Occasional hybridization between a native and invasive Senecio species in Australia is unlikely to contribute to invasive success

dc.contributor.author Dormontt, Eleanor E
dc.contributor.author Prentis, Peter J
dc.contributor.author Gardner, Michael George
dc.contributor.author Lowe, Andrew J
dc.date.accessioned 2017-12-06T04:19:05Z
dc.date.available 2017-12-06T04:19:05Z
dc.date.issued 2017-08-15
dc.description This is an open access article distributed under the terms of the Creative Commons Attribution License, which permits unrestricted use, distribution, reproduction and adaptation in any medium and for any purpose provided that it is properly attributed. For attribution, the original author(s), title, publication source (PeerJ) and either DOI or URL of the article must be cited. en_US
dc.description.abstract Background Hybridization between native and invasive species can facilitate introgression of native genes that increase invasive potential by providing exotic species with pre-adapted genes suitable for new environments. In this study we assessed the outcome of hybridization between native Senecio pinnatifolius var. pinnatifolius A.Rich. (dune ecotype) and invasive Senecio madagascariensis Poir. to investigate the potential for introgression of adaptive genes to have facilitated S. madagascariensis spread in Australia. Methods We used amplified fragment length polymorphisms (141 loci) and nuclear microsatellites (2 loci) to genotype a total of 118 adults and 223 seeds from S. pinnatifolius var.pinnatifolius and S. madagascariensis at one allopatric and two shared sites. We used model based clustering and assignment methods to establish whether hybrid seed set and mature hybrids occur in the field. Results We detected no adult hybrids in any population. Low incidence of hybrid seed set was found at Lennox Head where the contact zone overlapped for 20 m (6% and 22% of total seeds sampled for S. pinnatifolius var. pinnatifolius and S. madagascariensis respectively). One hybrid seed was detected at Ballina where a gap of approximately 150 m was present between species (2% of total seeds sampled for S. madagascariensis). Conclusions We found no evidence of adult hybrid plants at two shared sites. Hybrid seed set from both species was identified at low levels. Based on these findings we conclude that introgression of adaptive genes from S. pinnatifolius var. pinnatifolius is unlikely to have facilitated S. madagascariensis invasions in Australia. Revisitation of one site after two years could find no remaining S. pinnatifolius var. pinnatifolius, suggesting that contact zones between these species are dynamic and that S. pinnatifolius var. pinnatifolius may be at risk of displacement by S. madagascariensis in coastal areas. en_US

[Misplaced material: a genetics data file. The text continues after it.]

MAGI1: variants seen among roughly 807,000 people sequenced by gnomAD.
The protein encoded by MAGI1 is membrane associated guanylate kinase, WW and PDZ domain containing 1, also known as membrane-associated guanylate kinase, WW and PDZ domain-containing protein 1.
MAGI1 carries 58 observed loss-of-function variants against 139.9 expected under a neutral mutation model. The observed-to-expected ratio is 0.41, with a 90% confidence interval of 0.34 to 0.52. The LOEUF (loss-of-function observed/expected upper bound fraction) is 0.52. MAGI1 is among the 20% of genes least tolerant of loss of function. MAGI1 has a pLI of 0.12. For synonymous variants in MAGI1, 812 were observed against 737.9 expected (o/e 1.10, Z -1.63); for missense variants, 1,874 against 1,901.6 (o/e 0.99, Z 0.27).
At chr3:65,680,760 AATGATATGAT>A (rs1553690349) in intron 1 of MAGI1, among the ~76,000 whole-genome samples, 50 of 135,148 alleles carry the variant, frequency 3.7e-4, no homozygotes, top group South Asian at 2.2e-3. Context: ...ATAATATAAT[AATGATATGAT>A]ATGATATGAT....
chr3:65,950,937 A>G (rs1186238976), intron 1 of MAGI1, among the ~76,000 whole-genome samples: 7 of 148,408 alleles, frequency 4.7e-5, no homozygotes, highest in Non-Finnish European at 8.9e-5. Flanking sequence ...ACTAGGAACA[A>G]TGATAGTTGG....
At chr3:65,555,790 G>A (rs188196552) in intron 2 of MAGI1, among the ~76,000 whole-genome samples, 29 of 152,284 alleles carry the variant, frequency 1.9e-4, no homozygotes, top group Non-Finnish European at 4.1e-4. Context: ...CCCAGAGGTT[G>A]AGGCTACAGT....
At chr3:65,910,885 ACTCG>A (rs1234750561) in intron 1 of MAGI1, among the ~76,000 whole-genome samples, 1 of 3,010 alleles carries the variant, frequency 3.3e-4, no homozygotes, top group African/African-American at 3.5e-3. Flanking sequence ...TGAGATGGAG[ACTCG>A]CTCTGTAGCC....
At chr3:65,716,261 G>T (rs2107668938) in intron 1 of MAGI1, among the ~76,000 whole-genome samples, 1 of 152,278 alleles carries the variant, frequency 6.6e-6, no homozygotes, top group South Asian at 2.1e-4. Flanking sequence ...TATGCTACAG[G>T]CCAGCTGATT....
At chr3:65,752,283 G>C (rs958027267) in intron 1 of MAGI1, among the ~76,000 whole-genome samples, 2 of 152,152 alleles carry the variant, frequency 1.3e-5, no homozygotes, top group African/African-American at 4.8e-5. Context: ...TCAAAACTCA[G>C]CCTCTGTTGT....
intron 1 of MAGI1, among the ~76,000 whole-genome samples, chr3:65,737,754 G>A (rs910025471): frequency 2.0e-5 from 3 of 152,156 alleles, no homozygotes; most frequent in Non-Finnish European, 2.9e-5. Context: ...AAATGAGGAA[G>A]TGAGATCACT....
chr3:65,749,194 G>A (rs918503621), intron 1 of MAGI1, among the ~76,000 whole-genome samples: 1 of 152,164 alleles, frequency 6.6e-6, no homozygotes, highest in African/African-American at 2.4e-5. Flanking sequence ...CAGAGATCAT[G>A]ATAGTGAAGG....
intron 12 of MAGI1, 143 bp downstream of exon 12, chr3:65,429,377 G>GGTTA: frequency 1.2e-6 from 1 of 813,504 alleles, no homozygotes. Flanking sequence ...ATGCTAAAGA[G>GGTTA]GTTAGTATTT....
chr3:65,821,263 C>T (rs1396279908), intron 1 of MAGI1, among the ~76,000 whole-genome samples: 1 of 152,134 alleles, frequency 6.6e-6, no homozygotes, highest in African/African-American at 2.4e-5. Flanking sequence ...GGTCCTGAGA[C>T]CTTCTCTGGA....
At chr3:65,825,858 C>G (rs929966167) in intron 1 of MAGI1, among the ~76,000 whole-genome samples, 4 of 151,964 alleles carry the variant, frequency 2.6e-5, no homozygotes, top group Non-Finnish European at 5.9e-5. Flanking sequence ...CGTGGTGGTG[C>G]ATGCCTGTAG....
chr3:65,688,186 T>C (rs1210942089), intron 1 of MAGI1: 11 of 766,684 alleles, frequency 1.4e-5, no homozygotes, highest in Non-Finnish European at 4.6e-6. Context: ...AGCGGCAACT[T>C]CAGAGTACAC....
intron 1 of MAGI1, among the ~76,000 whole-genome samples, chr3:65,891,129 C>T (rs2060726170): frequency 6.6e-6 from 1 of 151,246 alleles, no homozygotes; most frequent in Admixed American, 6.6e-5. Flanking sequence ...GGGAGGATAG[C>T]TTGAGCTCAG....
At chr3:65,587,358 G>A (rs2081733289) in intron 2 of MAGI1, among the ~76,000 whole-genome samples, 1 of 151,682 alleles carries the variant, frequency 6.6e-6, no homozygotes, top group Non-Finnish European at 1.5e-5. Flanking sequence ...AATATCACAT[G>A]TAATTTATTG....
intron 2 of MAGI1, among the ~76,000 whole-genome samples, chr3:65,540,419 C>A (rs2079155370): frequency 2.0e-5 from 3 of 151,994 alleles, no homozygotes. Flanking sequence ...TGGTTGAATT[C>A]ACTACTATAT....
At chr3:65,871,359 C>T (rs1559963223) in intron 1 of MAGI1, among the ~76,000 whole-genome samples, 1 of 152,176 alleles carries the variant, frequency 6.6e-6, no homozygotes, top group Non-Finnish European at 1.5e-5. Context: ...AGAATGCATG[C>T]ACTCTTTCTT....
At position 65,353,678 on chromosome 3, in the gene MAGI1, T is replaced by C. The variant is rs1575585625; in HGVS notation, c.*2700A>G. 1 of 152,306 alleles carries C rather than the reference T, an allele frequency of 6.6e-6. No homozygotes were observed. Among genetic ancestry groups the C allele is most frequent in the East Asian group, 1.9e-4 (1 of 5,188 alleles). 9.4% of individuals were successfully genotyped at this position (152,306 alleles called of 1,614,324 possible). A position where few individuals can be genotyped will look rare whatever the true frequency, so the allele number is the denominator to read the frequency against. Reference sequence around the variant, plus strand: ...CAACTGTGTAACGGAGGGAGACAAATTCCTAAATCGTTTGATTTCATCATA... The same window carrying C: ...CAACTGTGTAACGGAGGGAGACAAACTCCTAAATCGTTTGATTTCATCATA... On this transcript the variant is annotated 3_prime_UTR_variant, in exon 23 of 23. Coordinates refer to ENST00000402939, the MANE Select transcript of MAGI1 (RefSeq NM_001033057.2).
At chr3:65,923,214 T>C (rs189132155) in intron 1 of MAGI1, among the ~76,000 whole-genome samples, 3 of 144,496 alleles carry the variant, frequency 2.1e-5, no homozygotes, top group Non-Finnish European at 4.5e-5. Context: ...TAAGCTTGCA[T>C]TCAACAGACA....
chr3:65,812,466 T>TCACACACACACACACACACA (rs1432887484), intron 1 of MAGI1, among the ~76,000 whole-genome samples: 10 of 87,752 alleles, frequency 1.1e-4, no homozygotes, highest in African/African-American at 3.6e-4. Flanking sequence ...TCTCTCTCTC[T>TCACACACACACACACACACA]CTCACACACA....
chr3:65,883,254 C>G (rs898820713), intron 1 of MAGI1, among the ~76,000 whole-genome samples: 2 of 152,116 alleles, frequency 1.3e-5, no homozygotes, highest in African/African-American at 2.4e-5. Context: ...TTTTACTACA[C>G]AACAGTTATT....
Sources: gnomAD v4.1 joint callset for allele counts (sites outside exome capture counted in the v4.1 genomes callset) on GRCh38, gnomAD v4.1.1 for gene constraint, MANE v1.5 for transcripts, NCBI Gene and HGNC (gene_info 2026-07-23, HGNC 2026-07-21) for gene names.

dc.identifier.citation Dormontt et al. (2017), Occasional hybridization between a native and invasive Senecio species in Australia is un- likely to contribute to invasive success. PeerJ 5:e3630; DOI 10.7717/peerj.3630 en_US
dc.identifier.doi https://doi.org/10.7717/peerj.3630 en
dc.identifier.issn 2167-8359
dc.identifier.uri http://hdl.handle.net/2328/37714
dc.language.iso en en_US
dc.relation http://purl.org/au-research/grants/arc/DP0664967 en_US
dc.relation.grantnumber ARC/DP0664967 en_US
dc.rights © 2017 Dormontt et al. en_US
dc.rights.holder 2017 Dormontt et al. en_US
dc.rights.license CC-BY
dc.subject Molecular Biology en_US
dc.subject Plant Science en_US
dc.subject Introgression en_US
dc.subject Biological invasions en_US
dc.subject AFLP en_US
dc.subject Microsatellites en_US
dc.subject Fireweed en_US
dc.title Occasional hybridization between a native and invasive Senecio species in Australia is unlikely to contribute to invasive success en_US
dc.type Article en
local.contributor.authorOrcidLookup Gardner, Michael George: https://orcid.org/0000-0002-8629-354X en_US
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